The professors, whether male or female, were more likely to report that they would hire the male after rating him higher on factors including competency and offered to pay the male candidate $4,000 more than they were willing to pay the female candidate, according to the 2012 Yale study Handelsman cited.
The discussion comes on the heels of a White House report entitled “Reducing the Impact of Bias in the STEM Workforce: Strengthening Excellence and Innovation,” issued on Nov. 30.
The report recommended that federal agencies take steps to reduce bias in the federal grant making process at federal institutions and federally funded academic institutions, urge their leaders to advocate for a diverse workforce and have agencies such as the Office of Personnel Management assume leadership roles to limit implicit bias in federal hiring and among federally funded institutions of higher education.
Participants from federal agencies echoed points made in the report saying effective remedies include requiring the collection of data to track the makeup of the federal workers, holding implicit bias training, establishing conflict resolution programs and providing work flexibility.
Suzanne Iacono, head of the National Science Foundation’s Office of Integrative Activities, Brenda Manuel, NASA’s associate administrator for diversity and equal opportunity and Anna Han of the National Institutes of Health each described steps their agencies are taking to limit bias in hiring and the grant making process.
The National Science Foundation has increased the ranks of female grant reviewers by permitting them to participate in the review process virtually and offering training for new reviewers on how best to analytically critique grant proposals, said Iacono.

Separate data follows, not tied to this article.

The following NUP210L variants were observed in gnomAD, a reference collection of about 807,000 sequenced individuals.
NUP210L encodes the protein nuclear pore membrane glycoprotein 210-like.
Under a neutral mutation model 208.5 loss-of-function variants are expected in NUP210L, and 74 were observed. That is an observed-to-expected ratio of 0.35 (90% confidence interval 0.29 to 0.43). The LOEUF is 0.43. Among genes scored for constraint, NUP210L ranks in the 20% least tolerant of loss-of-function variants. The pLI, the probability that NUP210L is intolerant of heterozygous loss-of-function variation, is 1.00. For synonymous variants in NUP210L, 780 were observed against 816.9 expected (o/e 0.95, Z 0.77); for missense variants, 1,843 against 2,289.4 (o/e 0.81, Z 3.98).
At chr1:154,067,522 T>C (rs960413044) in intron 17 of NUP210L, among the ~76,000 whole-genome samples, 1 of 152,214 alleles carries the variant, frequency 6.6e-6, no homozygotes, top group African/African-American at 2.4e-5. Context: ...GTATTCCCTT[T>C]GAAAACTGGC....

NASA has been conducting compliance reviews, said Manuel, noting that the agency also held a summit to discuss ways to reduce implicit bias in the award of grants and plans to do so again next year.
NIH has worked to ensure its database of job opportunities for positions in NIH laboratories and on its research projects – known as intramural research positions – reflects a broad array of qualified scientists from diverse backgrounds as potential job candidates, Han said.
Susan Fiske, a Princeton University professor of psychology and public affairs, made clear the challenge ahead, saying bias can be ambiguous and ambivalent. “People like people who are like themselves and they talk about issues like fit. ‘This person fits in very well,’” she said. “That’s ambiguous because it’s not that someone is being hostile to someone. It’s someone being comfortable with someone like them.”
Ambivalence shows up when someone in a hiring positon says they like someone and, at the same time, do not respect them, a proven barrier to a job offer, she said.
“Bias is more complicated than we thought it was 50 years ago. It’s not your grandparents’ bias,” Fiske said. “In the 21st Century what it means is that individuals can’t be expected to notice.” Fiske said it is up to institutions to spark change by collecting hiring-pattern data and for group leaders to make building a diverse workforce a vocal priority.
[Associated image: Juan David Romero/AAAS]